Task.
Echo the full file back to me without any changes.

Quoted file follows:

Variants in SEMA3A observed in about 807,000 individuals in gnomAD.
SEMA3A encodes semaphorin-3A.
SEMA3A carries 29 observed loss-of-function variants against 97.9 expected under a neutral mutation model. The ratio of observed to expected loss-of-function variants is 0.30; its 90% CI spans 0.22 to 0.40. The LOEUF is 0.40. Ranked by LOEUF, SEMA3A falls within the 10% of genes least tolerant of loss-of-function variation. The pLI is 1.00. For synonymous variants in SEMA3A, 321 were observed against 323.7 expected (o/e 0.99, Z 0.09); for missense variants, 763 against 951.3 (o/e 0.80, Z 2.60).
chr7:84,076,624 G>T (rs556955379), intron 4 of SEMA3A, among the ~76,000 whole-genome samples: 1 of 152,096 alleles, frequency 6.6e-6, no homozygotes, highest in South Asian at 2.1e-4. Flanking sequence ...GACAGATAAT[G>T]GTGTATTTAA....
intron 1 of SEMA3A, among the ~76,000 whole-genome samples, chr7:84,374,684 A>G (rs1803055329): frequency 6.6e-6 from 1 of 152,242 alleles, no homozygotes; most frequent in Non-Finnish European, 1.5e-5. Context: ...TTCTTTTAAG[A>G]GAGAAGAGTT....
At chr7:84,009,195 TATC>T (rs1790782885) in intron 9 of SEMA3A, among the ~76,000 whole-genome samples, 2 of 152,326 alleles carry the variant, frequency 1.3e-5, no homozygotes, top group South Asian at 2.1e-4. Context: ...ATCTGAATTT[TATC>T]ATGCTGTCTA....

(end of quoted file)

Variants in SEMA3A observed in about 807,000 individuals in gnomAD.
SEMA3A encodes semaphorin-3A.
SEMA3A carries 29 observed loss-of-function variants against 97.9 expected under a neutral mutation model. The ratio of observed to expected loss-of-function variants is 0.30; its 90% CI spans 0.22 to 0.40. The LOEUF is 0.40. Ranked by LOEUF, SEMA3A falls within the 10% of genes least tolerant of loss-of-function variation. The pLI is 1.00. For synonymous variants in SEMA3A, 321 were observed against 323.7 expected (o/e 0.99, Z 0.09); for missense variants, 763 against 951.3 (o/e 0.80, Z 2.60).
chr7:84,076,624 G>T (rs556955379), intron 4 of SEMA3A, among the ~76,000 whole-genome samples: 1 of 152,096 alleles, frequency 6.6e-6, no homozygotes, highest in South Asian at 2.1e-4. Flanking sequence ...GACAGATAAT[G>T]GTGTATTTAA....
intron 1 of SEMA3A, among the ~76,000 whole-genome samples, chr7:84,374,684 A>G (rs1803055329): frequency 6.6e-6 from 1 of 152,242 alleles, no homozygotes; most frequent in Non-Finnish European, 1.5e-5. Context: ...TTCTTTTAAG[A>G]GAGAAGAGTT....
At chr7:84,009,195 TATC>T (rs1790782885) in intron 9 of SEMA3A, among the ~76,000 whole-genome samples, 2 of 152,326 alleles carry the variant, frequency 1.3e-5, no homozygotes, top group South Asian at 2.1e-4. Context: ...ATCTGAATTT[TATC>T]ATGCTGTCTA....